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John Yoswick

John YoswickJohn Yoswick is a freelance automotive writer based in Portland, Oregon, who has been writing about the collision industry since 1988. He is the editor of the weekly CRASH Network (for a free 4-week trial subscription, visit www.CrashNetwork.com).


He can be contacted at john@crashnetwork.com 

Sometimes the best way to look forward is to spend a few minutes looking back.
That’s a concept that came to mind recently looking through a file of industry-related notes and articles from 15 years ago. What can the industry today learn from the ideas and topics being discussed then? What has changed – for better or worse – and are there areas in which virtually no progress has been made? And what should we be doing differently now to ensure we’re not just treading water 15 years from now in 2022?

If you think the collision repair industry is changing rapidly, spend a little time talking with the owner of your nearby auto salvage yard:

Consolidation? Independent yards around the country are being gobbled up by larger corporations like LKQ Corporation and Ford Motor Company.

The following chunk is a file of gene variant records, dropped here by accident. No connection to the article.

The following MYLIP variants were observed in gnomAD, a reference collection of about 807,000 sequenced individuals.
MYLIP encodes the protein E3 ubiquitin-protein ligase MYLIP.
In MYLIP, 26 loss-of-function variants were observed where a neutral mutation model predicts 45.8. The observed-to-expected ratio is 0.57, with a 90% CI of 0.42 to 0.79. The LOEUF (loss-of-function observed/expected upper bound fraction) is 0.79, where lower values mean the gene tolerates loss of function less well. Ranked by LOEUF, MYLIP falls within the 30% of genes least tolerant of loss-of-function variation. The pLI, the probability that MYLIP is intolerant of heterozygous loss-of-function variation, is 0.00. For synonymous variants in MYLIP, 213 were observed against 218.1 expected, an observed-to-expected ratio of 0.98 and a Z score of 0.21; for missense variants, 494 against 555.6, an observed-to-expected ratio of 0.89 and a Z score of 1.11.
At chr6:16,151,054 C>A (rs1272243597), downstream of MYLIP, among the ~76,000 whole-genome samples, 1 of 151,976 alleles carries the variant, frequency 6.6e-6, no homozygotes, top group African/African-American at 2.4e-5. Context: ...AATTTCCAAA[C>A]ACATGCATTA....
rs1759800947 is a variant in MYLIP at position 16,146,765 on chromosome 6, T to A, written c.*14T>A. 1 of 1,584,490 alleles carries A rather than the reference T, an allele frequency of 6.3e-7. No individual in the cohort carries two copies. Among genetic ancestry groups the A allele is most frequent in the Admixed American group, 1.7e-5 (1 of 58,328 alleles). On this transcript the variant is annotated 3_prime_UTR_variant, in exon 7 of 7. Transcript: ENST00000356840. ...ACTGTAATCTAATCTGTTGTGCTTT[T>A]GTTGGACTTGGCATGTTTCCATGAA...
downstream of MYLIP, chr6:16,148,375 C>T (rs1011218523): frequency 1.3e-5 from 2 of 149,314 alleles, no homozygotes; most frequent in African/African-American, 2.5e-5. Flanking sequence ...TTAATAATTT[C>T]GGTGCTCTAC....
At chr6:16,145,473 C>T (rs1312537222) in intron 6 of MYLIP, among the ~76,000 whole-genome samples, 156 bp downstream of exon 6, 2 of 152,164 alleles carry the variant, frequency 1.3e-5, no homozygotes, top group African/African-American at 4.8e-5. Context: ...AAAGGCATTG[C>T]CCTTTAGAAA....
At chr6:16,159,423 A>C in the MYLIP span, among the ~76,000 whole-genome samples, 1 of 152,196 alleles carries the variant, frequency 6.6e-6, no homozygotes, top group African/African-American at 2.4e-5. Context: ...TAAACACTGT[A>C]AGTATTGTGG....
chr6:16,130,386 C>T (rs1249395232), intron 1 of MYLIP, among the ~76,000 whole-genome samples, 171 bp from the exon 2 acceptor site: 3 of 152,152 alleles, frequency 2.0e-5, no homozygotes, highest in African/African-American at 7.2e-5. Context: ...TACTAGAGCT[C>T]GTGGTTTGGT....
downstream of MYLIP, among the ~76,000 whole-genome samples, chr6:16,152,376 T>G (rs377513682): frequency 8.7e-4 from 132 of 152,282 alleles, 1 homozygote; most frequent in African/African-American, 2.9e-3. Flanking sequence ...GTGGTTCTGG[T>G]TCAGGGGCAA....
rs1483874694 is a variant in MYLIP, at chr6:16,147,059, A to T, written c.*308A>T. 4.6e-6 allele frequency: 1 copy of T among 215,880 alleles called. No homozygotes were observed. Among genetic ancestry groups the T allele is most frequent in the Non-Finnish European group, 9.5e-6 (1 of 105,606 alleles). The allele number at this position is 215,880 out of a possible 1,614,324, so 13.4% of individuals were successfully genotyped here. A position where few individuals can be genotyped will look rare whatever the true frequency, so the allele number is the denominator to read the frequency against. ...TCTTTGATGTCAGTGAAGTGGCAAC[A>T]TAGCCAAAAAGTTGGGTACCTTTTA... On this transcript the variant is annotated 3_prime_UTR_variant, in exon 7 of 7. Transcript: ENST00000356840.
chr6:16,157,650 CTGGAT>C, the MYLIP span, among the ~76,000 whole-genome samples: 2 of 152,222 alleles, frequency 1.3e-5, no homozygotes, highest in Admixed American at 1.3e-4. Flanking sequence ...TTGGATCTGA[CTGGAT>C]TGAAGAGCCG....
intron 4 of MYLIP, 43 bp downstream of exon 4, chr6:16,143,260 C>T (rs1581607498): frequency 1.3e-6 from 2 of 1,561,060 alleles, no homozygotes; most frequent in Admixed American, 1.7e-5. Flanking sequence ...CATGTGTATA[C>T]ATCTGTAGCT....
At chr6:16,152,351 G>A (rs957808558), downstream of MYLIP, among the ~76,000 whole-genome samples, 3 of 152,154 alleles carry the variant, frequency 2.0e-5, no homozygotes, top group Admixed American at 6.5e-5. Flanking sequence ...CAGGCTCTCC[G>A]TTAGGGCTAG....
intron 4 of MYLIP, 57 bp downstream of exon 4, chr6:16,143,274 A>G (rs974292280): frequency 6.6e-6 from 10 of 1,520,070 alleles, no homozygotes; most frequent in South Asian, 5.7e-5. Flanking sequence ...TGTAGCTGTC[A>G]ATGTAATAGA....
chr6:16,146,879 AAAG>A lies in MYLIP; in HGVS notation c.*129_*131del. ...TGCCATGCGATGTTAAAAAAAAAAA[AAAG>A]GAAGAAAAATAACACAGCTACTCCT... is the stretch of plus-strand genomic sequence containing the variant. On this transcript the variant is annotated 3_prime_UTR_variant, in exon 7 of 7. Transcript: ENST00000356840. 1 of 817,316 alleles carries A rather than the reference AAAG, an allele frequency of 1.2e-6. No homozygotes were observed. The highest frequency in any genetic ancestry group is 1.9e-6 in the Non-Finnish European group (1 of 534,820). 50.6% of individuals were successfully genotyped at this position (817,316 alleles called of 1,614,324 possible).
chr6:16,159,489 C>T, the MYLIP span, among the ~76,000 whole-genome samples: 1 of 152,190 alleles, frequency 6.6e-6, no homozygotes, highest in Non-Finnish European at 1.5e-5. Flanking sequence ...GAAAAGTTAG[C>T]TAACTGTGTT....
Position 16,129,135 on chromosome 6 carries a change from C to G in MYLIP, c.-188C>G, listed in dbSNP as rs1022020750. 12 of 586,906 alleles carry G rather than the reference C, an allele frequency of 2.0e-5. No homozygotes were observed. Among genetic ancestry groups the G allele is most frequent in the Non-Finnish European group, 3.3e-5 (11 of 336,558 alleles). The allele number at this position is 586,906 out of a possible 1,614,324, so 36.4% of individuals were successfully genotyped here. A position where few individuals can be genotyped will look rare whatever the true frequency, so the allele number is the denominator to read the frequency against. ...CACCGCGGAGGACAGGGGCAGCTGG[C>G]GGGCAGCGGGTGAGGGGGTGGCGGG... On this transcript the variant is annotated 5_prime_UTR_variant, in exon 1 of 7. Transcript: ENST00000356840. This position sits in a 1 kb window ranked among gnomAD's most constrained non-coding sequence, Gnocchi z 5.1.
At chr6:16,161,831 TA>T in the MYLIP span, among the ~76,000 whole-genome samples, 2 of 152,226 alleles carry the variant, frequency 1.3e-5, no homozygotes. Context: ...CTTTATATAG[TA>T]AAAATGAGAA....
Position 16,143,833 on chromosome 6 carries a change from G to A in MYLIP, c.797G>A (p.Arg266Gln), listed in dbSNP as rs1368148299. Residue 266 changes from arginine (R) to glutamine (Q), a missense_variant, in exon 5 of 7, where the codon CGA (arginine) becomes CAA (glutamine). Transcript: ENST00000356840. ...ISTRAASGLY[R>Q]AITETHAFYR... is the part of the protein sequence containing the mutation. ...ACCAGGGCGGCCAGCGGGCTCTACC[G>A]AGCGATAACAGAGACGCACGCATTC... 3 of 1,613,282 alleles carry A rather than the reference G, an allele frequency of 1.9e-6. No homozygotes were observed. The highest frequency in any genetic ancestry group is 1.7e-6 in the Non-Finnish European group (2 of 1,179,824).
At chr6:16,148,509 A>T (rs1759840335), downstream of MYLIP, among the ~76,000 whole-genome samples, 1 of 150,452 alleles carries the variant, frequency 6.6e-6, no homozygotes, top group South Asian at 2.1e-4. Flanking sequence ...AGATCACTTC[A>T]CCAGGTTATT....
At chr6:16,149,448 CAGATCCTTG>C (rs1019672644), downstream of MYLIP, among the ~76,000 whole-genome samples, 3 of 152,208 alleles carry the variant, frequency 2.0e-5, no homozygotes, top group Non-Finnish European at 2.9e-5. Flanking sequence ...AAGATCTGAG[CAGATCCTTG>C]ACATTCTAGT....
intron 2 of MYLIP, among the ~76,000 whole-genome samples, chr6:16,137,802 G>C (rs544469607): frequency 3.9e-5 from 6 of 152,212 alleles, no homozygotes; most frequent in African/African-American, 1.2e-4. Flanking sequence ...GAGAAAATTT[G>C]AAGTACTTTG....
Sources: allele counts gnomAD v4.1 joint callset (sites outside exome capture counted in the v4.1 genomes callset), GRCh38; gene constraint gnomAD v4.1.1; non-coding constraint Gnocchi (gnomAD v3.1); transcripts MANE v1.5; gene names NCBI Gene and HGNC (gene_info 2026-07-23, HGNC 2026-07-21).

E-commerce and computer technology? Body shops can shop for used parts on-line at several websites, including iSalvage.com, NextPart.com, PlanetSalvage.com, and CarStation.com, and many yards are connected to each other by co-op networks such as United Recyclers Group.

Seemingly conceding that its previous position on estimating system data was untenable, ADP announced in April it was putting on hold its plan to encrypt that data and make it unusable by unlicensed third parties such as Internet claims management companies. 

Spend a few minutes talking to another shop owner —no matter whether he or she is across town or across the country —and you’re likely to hear about some concepts and ideas that are being tried – or have long been found successful. Here’s a compilation of some ideas, tips and processes successful shop owners have recently shared.

With the sluggish growth or even decline in sales many shops have experienced in recent years, the technician shortage and recruitment of employees have not been the troublesome issue they were for the industry during the late 1990s. 

Concerns about the estimating databases, the reversal of the decision in the State Farm non-OEM parts lawsuit, the collapse of another consolidator and an ongoing battle over the "right to repair" were among the most talked-about topics in the collision industry this past year.

There's a simple rule in business that if you want to increase profits, you need to either increase sales and revenue, or decrease costs and expenses. 

In the three years since "event data recorders" (often referred to as "black boxes") in vehicles really began to arise as an issue of interest for collision repairers, there has been significant activity related to EDRs on a number of fronts: 

Shop owners struggling to remain profitable say they are increasingly focusing on the paint side of the shop, looking for innovative ways to squeeze even more productivity out of paint booths, paint products and paint personnel.